The ad industry can sell any product. Except its own
A view from Lisa Thomas

The ad industry can sell any product. Except its own

When I came across an article in the Telegraph last week that listed being an advertising exec as one of the top five most overrated jobs, my first instinct was to defend our industry to the hilt. But even as I began mentally listing my arguments (of which there were, of course, many), I couldn’t help but see the journalist’s point of view.

Ask anyone who doesn’t work in our industry what it’s like to be in advertising and they’ll either recall images of cocktail parties and sipping whisky at our desks in true Mad Men style, or they’ll conjure up bleary-eyed execs spending all night and all weekend chained to their desks, working on pitches with limited sleep and limitless caffeine.

Of course, neither of these images is entirely true, and neither of them do our industry any justice. The Mad Men clichés are exactly that: clichés. And while we’ve all worked long hours in this industry more times than we care to remember (and more often than is necessary, in my view), we’ve had a lot of fun on the way and worked with some of the most inspiring people we could hope to meet.

This is an industry where you can be a scientist or an artist. And it's time we ensured the wider world knows this

For me, advertising’s biggest challenge right now in terms of attracting the best talent is one of perception. From innovative young start-ups to the digital heavyweights, the ever-burgeoning tech industry has been incredibly shrewd in the way it attracts the best talent away from advertising agencies. But advertising is no longer divided into traditional and digital camps. It’s a modern, dynamic and creative place to work. It’s an industry where people can explore the limits of their talents and work alongside vibrant, empowered people. Where you can be a scientist or an artist and therefore engage both sides of the brain. And it’s time we ensured the wider world knows this.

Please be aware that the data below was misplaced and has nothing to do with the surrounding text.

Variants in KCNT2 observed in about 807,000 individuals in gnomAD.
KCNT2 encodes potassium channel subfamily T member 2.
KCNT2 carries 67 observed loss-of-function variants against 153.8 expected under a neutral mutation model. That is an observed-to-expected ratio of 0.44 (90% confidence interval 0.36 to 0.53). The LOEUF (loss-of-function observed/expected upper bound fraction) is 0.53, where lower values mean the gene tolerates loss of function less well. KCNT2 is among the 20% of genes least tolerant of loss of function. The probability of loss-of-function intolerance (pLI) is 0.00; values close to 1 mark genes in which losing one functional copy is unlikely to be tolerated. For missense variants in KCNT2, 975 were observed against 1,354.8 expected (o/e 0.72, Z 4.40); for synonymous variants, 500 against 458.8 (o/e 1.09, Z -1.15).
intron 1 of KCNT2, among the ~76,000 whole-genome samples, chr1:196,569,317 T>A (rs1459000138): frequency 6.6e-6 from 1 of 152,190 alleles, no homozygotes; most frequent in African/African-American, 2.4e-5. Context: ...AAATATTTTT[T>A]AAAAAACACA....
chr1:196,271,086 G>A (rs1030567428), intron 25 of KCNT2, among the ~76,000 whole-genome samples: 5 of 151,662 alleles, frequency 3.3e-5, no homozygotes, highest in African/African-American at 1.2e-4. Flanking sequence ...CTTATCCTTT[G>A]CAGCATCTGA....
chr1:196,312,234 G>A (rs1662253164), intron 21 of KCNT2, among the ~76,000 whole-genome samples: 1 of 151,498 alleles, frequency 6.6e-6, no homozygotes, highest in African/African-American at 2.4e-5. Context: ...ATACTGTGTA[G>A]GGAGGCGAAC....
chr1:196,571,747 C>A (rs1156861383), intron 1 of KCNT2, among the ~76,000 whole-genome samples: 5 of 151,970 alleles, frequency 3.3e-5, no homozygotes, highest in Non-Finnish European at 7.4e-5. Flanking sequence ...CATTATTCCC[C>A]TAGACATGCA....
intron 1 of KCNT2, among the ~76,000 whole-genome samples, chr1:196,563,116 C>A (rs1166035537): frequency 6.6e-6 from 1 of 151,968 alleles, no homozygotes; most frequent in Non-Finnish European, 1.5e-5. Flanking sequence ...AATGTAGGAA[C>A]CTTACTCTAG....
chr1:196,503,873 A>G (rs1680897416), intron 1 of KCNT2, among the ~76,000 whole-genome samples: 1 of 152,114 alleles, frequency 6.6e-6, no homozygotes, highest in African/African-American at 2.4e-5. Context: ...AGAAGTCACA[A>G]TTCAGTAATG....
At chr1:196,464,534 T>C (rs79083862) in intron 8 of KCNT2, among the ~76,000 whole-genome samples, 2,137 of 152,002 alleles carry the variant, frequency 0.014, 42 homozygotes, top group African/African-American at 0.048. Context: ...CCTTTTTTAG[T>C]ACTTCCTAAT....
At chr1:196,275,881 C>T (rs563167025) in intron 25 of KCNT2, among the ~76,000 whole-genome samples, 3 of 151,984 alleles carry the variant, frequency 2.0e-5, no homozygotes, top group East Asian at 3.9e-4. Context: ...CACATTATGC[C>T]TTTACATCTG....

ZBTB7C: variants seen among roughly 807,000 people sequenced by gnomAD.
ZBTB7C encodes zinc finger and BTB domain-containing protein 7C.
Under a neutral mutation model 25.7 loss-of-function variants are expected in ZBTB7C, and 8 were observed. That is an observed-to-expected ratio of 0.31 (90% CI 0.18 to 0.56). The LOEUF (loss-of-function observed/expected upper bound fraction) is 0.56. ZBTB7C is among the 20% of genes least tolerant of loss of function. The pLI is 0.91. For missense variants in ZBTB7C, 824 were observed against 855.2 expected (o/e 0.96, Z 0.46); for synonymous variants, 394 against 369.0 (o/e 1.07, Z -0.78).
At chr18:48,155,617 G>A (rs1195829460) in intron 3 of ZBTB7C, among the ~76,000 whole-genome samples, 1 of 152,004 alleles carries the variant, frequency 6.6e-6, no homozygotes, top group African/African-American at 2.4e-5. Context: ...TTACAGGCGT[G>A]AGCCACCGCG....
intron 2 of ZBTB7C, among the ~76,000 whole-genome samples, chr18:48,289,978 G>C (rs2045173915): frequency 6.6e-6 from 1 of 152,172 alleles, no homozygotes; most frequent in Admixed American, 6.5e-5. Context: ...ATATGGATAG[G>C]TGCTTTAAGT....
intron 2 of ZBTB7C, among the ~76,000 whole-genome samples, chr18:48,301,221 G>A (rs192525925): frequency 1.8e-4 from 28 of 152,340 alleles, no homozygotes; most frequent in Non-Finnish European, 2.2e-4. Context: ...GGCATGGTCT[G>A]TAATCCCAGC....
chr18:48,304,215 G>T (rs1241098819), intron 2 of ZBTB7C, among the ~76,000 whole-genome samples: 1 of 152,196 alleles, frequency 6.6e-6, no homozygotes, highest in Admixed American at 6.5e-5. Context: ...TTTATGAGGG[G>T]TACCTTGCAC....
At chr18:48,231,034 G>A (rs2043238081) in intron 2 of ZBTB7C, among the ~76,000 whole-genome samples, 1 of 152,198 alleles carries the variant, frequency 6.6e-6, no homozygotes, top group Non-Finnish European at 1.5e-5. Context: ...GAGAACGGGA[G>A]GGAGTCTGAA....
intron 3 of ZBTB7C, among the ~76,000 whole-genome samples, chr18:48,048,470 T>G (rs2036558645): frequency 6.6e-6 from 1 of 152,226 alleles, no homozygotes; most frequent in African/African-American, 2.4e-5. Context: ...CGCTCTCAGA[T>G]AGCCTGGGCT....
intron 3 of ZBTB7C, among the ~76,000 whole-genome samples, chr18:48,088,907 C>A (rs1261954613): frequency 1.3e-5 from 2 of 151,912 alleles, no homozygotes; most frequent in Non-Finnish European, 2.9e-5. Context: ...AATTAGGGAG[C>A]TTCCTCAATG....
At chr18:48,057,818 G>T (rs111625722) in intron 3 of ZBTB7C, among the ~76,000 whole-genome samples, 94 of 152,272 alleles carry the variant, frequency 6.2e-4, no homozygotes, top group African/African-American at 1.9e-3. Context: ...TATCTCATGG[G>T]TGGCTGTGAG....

As an industry, we need to work together to raise the profile of our profession. To ensure potential recruits see it for the challenging, creative and fun job it is. But that’s not to say we don’t need to make changes to the way we operate. Young people are the bedrock of our industry, and with recent research indicating that they primarily want "friends and purpose" from their careers, we need to ensure we are delivering this. Giving our people more opportunities to be involved in work they truly believe in.

Likewise, working ridiculous hours and forfeiting a life outside of work needn’t be the norm. By striving for a greater work/life balance, I’m confident we’ll achieve just as much – if not more – and retain the best talent as a result.

I believe advertising is the best career there is. And with its constantly evolving nature, some of the most innovative and creative jobs in the industry are yet to be formed. Let’s ensure we attract the talent to fill them. Let’s give advertising its sexy back.

Lisa Thomas is the group chief executive of M&C Saatchi